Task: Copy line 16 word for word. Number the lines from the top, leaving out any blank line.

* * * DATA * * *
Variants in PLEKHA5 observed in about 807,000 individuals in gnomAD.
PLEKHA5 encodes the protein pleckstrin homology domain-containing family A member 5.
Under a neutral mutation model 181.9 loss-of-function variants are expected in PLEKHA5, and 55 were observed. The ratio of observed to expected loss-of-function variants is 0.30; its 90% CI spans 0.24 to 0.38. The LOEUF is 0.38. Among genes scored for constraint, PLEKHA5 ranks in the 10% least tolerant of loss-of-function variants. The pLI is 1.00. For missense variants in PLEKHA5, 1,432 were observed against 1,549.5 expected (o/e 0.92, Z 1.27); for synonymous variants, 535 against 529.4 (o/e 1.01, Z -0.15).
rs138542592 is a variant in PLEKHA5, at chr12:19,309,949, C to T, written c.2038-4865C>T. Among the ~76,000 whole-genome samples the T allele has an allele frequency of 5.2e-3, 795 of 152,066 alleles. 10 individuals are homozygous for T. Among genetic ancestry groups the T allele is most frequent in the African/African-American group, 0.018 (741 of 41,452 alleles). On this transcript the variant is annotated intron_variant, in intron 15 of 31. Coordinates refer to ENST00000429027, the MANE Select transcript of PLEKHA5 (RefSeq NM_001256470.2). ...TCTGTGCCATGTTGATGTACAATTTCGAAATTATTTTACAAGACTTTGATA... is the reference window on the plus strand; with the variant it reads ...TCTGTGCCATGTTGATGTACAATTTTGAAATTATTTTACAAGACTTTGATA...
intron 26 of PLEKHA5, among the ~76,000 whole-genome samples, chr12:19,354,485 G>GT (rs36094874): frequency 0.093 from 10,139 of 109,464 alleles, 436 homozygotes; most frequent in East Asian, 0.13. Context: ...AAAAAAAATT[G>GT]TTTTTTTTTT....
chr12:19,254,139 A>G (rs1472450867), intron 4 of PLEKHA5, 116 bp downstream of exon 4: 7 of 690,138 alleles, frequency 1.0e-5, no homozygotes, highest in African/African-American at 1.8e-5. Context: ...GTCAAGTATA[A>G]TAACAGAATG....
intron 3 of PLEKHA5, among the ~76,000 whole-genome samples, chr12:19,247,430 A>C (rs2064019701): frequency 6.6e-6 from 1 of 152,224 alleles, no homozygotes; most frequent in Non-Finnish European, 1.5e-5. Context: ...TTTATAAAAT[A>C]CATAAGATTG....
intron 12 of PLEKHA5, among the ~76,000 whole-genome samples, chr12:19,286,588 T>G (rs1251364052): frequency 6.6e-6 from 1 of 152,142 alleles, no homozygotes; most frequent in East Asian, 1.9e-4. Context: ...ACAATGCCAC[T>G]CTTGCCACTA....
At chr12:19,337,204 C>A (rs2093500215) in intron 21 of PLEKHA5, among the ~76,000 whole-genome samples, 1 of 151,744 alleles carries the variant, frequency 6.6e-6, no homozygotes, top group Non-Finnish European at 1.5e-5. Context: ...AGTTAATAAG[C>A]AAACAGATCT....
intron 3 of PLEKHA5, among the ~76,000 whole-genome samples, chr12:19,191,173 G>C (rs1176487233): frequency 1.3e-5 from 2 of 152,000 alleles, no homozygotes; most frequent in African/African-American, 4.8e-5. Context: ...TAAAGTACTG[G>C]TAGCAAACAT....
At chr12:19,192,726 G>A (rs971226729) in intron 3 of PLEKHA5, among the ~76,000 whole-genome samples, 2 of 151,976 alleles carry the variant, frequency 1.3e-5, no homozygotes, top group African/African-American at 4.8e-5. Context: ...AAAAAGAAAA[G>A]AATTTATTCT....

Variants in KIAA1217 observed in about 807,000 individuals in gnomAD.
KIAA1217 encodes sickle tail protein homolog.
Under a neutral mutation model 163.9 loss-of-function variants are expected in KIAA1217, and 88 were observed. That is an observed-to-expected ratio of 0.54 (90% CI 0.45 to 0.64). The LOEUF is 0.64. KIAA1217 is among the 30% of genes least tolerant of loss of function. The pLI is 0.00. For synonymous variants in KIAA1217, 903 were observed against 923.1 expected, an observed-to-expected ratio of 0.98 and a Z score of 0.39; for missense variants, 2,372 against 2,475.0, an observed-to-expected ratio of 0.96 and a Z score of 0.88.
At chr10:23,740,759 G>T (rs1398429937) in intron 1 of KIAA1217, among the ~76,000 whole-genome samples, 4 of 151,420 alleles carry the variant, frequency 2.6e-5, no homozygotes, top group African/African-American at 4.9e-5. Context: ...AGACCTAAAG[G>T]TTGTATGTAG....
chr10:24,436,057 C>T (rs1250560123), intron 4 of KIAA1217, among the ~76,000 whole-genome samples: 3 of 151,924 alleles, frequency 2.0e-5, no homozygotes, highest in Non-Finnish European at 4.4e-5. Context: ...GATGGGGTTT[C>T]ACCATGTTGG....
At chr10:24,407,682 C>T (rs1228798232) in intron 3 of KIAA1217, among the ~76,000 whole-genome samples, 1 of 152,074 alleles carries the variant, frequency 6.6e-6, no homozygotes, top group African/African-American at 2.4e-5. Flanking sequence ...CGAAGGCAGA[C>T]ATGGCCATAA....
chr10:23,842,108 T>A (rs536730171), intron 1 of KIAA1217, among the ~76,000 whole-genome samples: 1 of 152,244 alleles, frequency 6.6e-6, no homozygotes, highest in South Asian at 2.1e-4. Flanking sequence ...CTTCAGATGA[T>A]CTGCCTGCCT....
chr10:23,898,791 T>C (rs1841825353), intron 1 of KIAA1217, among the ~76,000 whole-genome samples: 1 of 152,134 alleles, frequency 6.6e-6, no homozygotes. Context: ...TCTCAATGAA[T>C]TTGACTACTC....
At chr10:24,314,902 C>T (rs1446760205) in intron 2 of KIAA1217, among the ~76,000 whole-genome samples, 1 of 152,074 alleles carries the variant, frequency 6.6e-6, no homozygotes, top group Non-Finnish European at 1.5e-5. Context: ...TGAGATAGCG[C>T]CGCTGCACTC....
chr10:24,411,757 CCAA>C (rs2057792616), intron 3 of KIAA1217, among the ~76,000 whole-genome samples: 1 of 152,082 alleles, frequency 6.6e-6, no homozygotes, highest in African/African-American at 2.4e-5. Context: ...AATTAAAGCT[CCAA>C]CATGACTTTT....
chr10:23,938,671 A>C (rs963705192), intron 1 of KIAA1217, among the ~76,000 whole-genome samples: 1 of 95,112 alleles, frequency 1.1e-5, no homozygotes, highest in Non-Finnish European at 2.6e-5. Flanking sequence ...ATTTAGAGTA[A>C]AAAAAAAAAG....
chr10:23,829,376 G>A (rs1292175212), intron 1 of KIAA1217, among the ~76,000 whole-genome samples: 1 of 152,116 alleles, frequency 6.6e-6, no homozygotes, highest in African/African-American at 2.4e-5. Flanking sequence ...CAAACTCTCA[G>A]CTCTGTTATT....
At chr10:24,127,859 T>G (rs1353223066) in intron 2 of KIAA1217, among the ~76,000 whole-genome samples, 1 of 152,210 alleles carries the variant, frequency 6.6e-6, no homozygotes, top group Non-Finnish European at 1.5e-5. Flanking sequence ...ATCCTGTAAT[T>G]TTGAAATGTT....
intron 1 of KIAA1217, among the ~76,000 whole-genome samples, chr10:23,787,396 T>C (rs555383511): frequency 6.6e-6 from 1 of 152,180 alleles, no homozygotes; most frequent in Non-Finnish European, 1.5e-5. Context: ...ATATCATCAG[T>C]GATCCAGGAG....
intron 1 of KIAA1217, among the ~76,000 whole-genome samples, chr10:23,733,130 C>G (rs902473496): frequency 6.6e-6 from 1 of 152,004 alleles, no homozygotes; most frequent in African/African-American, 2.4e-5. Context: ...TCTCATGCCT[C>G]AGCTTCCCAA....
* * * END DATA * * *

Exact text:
chr10:24,436,057 C>T (rs1250560123), intron 4 of KIAA1217, among the ~76,000 whole-genome samples: 3 of 151,924 alleles, frequency 2.0e-5, no homozygotes, highest in Non-Finnish European at 4.4e-5. Context: ...GATGGGGTTT[C>T]ACCATGTTGG....